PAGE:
Heads up, travelers
Today marks the first day of a brand new year, but if you have plans of traveling abroad, be advised that the same old laws apply. That includes the government's right to search and seize your electronic devices without a warrant. The controversial law comes up in headlines every once in a while, and is again making the rounds after a federal judge dismissed a lawsuit challenging the policy.
According to a report in The New York Times , Judge Edward R. Korman of the Federal District Court of the Eastern District of New York ruled that plaintiffs lacked legal backing for their lawsuit because border searches happen so rarely that "there is not a substantial risk that their electronic devices will be subject to a search or seizure without reasonable suspicion."
It doesn't stop there. Judge Korman said that if even the plaintiffs did have legal standing for their lawsuit, they'd still lose because the U.S. government does not need reasonable suspicion to search or confiscate a traveler's mobile phone, notebook, or any other device at the border.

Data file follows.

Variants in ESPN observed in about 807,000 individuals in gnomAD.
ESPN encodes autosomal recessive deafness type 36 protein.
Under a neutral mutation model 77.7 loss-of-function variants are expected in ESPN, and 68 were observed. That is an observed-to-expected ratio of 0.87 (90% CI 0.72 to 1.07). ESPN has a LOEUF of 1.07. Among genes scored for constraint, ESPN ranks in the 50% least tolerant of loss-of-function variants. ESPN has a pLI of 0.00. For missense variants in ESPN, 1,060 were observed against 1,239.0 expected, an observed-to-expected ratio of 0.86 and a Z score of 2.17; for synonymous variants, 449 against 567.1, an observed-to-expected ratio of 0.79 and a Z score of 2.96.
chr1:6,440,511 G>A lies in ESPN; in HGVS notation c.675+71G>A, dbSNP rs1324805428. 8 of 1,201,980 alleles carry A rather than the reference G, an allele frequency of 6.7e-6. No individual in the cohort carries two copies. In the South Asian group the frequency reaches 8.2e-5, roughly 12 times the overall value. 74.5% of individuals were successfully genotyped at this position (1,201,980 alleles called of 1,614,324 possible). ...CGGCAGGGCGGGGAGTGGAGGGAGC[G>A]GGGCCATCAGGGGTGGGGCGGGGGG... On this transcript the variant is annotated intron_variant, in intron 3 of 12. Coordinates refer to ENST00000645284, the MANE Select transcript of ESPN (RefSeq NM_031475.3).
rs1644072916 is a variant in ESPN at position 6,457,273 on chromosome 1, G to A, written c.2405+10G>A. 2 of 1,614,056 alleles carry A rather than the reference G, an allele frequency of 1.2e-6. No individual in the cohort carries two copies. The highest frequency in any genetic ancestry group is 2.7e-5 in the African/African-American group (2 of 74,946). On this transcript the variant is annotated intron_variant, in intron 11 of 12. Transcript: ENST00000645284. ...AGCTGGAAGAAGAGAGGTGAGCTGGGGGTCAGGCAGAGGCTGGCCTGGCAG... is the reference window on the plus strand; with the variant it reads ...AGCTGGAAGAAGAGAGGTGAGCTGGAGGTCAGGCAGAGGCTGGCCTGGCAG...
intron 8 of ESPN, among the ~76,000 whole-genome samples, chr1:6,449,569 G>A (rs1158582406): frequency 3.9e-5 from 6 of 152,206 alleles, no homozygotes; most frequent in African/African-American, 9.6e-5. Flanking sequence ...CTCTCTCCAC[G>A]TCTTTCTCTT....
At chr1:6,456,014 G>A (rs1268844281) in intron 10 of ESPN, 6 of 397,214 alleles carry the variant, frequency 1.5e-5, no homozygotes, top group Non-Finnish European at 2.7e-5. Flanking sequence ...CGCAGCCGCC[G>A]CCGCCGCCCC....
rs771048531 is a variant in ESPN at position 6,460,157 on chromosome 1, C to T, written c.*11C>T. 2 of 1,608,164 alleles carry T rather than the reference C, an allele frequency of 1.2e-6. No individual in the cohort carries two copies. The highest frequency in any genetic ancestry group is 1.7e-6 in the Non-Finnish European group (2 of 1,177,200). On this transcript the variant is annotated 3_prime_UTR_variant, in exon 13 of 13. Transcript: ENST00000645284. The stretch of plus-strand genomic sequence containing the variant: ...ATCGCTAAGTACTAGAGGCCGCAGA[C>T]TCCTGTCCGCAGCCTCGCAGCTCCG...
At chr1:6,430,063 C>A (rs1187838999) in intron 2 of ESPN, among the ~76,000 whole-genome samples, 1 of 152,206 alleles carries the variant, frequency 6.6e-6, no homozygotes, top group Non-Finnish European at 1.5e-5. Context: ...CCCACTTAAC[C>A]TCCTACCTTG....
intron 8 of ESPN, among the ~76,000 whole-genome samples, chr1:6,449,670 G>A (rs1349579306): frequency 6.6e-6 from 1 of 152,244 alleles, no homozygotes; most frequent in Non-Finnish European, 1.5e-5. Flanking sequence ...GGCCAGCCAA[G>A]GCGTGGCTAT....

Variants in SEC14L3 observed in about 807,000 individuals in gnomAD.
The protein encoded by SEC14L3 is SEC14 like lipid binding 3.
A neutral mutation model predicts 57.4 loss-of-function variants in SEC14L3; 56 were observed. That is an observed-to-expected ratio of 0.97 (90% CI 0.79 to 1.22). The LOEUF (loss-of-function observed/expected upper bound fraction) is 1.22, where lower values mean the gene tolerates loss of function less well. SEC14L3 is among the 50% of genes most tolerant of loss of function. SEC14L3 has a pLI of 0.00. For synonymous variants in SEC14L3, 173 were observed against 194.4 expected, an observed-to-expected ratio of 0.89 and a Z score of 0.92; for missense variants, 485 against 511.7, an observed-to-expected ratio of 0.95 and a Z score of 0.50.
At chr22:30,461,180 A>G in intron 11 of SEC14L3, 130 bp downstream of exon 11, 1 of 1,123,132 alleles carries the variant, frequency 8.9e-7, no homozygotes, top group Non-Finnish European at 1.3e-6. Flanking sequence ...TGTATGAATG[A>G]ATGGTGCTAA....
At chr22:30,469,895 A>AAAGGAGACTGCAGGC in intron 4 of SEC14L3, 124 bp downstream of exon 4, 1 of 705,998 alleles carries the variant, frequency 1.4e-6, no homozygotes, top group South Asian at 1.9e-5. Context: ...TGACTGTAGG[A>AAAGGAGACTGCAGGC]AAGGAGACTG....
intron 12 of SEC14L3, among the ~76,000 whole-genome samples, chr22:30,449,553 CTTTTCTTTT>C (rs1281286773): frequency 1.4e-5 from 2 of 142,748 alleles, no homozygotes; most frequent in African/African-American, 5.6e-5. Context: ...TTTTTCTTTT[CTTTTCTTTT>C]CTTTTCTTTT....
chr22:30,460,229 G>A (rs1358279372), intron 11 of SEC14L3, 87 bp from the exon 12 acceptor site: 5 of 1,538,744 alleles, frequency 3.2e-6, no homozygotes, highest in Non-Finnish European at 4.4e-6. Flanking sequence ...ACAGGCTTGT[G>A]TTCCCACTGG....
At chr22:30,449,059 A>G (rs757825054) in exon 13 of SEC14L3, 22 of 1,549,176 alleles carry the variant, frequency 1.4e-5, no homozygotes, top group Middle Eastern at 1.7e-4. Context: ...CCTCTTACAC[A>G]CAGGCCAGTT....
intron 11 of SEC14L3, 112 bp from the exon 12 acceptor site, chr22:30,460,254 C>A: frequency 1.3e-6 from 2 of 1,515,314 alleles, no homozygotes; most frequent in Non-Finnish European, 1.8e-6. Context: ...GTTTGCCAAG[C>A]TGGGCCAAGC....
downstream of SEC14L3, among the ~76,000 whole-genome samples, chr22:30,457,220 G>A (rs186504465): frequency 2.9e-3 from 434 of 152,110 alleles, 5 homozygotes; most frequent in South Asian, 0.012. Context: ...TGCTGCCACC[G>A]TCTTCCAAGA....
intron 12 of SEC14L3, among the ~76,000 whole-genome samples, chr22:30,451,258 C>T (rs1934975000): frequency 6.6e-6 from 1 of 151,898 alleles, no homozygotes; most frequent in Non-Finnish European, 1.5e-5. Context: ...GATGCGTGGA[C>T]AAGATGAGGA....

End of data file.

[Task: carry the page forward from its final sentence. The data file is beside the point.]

"There's no silver lining to this decision," Catherine Crump, a lawyer for the American Civil Liberties Union representing the plaintiffs, said in a statement. "It's not just that we lost the case, it's that the judge decided against us on multiple alternative grounds."
Pascal Abidor, a graduate student in Islamic studies, first filed the lawsuit back in 2010 after U.S. border agents escorted him in handcuffs off an Amtrak train crossing from Canada to New York. He was held in a cell and questioned for several hours, and his laptop detained for 11 days.
Image Credit: Flickr (CBP Photography)